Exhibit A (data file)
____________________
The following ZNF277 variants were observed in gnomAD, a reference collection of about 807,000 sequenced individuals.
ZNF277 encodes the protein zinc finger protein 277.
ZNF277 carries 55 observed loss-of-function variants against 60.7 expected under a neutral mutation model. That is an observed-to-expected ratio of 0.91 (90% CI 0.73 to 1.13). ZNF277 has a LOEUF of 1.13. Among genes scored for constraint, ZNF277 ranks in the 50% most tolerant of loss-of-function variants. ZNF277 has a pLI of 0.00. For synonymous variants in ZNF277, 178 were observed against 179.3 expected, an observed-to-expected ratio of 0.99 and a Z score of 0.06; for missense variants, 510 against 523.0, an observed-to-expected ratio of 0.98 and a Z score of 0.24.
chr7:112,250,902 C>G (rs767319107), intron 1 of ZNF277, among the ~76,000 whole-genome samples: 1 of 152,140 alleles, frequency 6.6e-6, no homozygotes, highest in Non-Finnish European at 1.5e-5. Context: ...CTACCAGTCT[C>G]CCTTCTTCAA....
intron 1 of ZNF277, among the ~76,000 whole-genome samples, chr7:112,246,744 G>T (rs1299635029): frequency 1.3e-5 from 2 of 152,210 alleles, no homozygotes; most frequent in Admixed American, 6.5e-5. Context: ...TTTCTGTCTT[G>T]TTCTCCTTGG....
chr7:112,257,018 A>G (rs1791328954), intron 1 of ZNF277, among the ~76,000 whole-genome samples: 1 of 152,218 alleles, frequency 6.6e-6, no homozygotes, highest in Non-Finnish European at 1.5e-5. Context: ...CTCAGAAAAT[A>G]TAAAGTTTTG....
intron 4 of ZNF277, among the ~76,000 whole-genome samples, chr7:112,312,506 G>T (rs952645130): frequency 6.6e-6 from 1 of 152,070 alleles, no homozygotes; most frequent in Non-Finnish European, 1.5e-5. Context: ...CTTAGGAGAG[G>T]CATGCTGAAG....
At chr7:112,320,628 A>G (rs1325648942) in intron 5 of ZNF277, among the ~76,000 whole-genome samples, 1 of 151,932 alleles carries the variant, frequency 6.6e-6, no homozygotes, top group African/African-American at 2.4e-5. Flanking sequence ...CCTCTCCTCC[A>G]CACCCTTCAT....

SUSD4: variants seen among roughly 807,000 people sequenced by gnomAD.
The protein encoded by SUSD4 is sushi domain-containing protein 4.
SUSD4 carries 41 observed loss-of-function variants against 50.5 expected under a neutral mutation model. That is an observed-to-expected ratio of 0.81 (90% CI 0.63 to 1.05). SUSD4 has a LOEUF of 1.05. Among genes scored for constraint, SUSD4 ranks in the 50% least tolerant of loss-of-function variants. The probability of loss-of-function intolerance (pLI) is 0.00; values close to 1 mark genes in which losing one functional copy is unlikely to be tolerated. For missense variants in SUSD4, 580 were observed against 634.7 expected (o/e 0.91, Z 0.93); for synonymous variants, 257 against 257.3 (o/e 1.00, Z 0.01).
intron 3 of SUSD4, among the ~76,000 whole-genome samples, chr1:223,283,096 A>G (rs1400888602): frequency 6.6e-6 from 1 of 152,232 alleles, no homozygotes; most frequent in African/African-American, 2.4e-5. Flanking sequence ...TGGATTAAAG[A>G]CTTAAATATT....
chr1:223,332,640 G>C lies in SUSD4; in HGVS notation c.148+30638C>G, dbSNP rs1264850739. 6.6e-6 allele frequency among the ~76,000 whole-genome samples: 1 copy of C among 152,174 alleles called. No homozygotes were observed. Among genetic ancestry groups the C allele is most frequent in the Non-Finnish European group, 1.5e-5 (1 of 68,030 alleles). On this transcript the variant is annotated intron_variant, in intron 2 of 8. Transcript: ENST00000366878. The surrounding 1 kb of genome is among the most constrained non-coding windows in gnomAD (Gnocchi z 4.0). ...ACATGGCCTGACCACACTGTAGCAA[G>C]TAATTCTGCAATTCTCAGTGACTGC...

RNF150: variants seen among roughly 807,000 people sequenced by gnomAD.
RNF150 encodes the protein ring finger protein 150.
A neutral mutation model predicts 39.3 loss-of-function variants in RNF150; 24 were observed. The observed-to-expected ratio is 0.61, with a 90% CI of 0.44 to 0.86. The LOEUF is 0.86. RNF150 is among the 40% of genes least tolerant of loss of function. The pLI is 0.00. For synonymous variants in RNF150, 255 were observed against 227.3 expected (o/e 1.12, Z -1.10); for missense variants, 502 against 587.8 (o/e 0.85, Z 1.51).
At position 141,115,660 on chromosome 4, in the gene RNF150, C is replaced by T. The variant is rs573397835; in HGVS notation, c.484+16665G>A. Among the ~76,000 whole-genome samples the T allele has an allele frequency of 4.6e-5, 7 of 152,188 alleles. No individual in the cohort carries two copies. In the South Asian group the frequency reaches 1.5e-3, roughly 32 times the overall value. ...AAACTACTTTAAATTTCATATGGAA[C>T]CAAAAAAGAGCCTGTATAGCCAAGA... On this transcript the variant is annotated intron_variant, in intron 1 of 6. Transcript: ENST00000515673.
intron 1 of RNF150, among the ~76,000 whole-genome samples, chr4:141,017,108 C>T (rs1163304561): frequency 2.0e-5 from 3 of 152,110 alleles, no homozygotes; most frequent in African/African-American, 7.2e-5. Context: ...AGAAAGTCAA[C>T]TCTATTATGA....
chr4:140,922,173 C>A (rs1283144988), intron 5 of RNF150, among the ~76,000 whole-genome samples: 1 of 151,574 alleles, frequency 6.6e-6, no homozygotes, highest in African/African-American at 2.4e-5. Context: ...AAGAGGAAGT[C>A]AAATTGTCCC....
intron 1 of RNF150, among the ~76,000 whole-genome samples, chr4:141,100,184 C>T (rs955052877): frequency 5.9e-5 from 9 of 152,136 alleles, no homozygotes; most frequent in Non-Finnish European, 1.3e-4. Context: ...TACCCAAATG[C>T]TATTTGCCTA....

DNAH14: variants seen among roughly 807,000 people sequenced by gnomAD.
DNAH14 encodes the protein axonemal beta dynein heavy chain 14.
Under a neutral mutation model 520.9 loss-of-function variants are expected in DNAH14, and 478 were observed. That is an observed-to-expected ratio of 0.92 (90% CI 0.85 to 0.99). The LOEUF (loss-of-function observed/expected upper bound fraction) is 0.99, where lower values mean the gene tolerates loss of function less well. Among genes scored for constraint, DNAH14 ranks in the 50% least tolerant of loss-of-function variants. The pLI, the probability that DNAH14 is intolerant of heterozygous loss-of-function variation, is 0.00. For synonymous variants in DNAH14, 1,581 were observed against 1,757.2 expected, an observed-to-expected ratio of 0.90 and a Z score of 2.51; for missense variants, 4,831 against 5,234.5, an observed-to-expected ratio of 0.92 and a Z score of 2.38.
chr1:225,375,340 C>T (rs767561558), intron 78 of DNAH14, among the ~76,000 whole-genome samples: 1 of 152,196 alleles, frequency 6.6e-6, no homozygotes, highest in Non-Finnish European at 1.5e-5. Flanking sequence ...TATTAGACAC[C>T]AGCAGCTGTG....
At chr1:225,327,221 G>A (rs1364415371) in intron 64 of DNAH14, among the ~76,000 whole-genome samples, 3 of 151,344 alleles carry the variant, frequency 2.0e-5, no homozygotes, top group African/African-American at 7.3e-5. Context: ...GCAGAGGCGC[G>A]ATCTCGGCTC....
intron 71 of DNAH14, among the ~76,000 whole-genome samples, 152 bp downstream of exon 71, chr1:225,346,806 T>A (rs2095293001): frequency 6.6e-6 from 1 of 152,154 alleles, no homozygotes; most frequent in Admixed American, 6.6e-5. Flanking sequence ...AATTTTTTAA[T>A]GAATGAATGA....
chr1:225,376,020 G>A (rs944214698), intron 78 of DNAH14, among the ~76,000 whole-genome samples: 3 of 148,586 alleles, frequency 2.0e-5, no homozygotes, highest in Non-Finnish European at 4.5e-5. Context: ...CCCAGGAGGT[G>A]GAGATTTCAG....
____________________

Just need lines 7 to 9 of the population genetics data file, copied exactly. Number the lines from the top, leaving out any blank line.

intron 4 of ZNF277, among the ~76,000 whole-genome samples, chr7:112,312,506 G>T (rs952645130): frequency 6.6e-6 from 1 of 152,070 alleles, no homozygotes; most frequent in Non-Finnish European, 1.5e-5. Context: ...CTTAGGAGAG[G>T]CATGCTGAAG....
At chr7:112,320,628 A>G (rs1325648942) in intron 5 of ZNF277, among the ~76,000 whole-genome samples, 1 of 151,932 alleles carries the variant, frequency 6.6e-6, no homozygotes, top group African/African-American at 2.4e-5. Flanking sequence ...CCTCTCCTCC[A>G]CACCCTTCAT....

SUSD4: variants seen among roughly 807,000 people sequenced by gnomAD.